Over 30 million Americans are underbanked, this young entrepreneur seeks to change that
Blacks and other minority groups remain largely outside the banking system. This is due to the few banks operating in black communities compared to majority white communities. According to the Federal Deposit Insurance Corporation (FDIC), black and Hispanic households are more likely to be unbanked or underbanked.
In a survey published in 2015, the FDIC found that more than 15 million people do not use the U.S. formal banking system. However, according to the Center for Financial Services Innovation, underserved people in 2016 spent $ 173 billion in interest and fees, according to Financial Services Innovation.
Sheena Allen knows this challenge well in the community where she grew up. She grew up in Terry, Mississippi, where many community members did not have bank accounts or did not use the formal banking process for transactions. Instead, they relied on cumbersome solutions like payday loans and check cashing services.
In 2016, Allen noticed how over-reliance on alternative banking services deprived people of interest and fees for cashing checks. In her quest to solve this challenge, she created CapWay not only to provide a solution for unbanked and underbanked people living with paychecks, but also to provide financial education.
She was convinced that it is possible to use banks, but without good financial knowledge the problem may only be half resolved.
“I know this problem from a personal point of view, from my family and friends, but I did not know about this problem from outside of Mississippi,” Allen, who spent a year traveling to the United States, told CNN. United States looking for the problem.
She designed the app in such a way that users can connect existing accounts to the app or get a prepaid card from CapWay. According to Allen, while the app is for everyone, it is for Millennials.
While there are a number of fintech apps looking to provide banking solutions to underserved communities and people who still use the non-traditional banking system, Allen said his is quite different from what’s already in it. the system.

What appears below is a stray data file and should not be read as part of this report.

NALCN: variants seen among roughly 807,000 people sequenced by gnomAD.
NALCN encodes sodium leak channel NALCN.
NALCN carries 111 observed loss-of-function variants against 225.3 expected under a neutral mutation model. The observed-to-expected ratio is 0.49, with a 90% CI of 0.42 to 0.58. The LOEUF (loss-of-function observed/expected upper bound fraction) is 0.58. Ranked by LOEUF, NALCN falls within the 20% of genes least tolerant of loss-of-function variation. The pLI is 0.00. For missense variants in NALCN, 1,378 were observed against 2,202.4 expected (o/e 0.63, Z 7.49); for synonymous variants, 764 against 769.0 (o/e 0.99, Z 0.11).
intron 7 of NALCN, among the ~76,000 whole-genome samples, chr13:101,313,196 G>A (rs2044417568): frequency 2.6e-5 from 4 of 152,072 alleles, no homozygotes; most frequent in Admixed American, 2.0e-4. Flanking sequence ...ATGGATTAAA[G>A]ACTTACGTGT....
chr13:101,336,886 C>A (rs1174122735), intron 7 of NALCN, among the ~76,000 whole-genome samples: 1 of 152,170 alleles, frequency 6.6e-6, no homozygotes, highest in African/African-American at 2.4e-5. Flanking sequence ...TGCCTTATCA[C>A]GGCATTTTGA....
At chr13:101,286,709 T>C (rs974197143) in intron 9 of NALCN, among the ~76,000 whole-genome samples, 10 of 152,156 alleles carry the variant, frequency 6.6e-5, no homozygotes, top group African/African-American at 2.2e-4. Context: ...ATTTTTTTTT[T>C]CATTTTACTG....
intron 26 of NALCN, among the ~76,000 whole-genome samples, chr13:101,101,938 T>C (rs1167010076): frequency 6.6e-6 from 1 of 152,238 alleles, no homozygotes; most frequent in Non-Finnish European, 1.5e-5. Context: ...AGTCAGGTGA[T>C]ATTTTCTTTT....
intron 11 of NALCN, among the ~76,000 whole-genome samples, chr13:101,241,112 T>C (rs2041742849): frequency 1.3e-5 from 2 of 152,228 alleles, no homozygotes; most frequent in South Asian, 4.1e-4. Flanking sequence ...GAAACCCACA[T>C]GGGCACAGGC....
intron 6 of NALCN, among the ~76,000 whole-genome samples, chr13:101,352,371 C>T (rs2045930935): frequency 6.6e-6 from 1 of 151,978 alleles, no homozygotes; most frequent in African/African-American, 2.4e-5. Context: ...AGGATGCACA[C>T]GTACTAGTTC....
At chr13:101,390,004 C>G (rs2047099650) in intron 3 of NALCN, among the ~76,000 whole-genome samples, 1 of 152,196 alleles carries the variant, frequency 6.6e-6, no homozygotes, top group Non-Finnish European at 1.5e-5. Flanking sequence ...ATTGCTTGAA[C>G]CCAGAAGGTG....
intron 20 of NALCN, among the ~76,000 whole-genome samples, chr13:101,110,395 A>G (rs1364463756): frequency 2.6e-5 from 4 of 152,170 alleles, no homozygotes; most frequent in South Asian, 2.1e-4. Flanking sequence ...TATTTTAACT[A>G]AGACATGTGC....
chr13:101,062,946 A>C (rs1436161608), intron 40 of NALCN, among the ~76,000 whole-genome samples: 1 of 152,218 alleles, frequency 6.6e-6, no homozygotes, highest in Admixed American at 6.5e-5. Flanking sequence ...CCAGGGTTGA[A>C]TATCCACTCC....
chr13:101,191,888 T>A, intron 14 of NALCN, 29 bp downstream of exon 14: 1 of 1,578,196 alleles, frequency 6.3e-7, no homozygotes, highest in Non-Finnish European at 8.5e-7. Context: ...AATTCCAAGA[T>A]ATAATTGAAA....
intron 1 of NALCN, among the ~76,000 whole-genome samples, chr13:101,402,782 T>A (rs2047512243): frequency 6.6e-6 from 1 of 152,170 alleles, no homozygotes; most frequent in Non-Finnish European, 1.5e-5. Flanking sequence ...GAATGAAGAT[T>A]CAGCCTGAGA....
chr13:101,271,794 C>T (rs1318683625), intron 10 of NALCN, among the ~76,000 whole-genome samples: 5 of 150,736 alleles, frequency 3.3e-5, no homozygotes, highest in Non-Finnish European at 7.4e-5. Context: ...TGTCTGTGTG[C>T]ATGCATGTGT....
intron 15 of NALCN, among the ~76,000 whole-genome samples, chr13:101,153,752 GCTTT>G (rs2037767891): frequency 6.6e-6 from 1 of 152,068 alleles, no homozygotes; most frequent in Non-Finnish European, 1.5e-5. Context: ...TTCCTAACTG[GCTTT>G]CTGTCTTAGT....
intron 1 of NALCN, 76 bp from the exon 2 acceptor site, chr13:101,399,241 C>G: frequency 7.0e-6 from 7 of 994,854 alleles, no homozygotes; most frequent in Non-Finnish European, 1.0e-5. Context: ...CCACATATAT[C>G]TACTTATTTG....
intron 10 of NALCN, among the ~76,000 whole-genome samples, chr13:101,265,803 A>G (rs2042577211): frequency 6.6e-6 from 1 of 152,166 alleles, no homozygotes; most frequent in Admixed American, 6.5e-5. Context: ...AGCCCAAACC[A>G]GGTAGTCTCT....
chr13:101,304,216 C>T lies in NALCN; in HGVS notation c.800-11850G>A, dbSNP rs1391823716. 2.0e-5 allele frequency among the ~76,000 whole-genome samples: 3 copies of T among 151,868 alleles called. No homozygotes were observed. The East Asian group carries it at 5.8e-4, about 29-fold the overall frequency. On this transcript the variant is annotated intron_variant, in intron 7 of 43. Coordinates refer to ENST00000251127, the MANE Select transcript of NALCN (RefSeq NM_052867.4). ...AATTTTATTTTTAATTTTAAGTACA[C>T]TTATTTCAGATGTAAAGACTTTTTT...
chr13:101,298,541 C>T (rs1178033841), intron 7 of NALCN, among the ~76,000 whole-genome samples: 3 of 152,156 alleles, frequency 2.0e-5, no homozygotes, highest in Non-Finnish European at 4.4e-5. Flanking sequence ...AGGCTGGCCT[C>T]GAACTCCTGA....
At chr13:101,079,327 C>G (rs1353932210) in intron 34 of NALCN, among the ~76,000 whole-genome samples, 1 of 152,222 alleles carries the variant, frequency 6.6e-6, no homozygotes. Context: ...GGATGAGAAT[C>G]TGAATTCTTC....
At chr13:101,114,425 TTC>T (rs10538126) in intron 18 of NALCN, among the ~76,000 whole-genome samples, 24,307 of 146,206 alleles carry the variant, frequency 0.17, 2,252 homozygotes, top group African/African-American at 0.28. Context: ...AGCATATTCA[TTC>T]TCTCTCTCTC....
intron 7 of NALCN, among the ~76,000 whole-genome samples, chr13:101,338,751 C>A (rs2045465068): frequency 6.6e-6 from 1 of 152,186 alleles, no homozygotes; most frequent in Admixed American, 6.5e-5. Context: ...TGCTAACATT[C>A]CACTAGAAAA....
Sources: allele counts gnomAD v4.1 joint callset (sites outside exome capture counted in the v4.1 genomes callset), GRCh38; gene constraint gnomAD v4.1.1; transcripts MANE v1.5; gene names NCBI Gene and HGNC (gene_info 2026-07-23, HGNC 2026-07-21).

“We have a B2C and B2B2C orientation. Our acquisition channels and the way we seek to partner are different from what you will see with most mobile banks. We also offer tools and resources that are very important in building financial health. An example would be financial literacy. I firmly believe that even giving people access to banking services, if you don’t educate them on how money works, there will still be a disconnect and just more opportunities for them to make mistakes with money. money, ”she told NYC fintech. women.
Allen raised $ 625,000 from Backstage Capital to fund his business. Backstage Capital is founded by Arlan Hamilton, also from Mississippi. “She might be underrated when she walks into the room – she’s a Southern Belle – but she’s approachable and knows what’s going on in the real world,” Hamilton said, according to Inc. “That’s so dear to be poor. ”
The app is currently in the testing phase and will first be rolled out to iOS, Android, and mobile web users in Mississippi, which CNN says has the most unbanked and underserved residents.
Allen hopes to officially launch the app later this year and partner with schools, employers, financial institutions, and community organizations to register his target population. In addition, the company intends to make money through subscriptions, prepaid card fees, and advertising and sponsored content.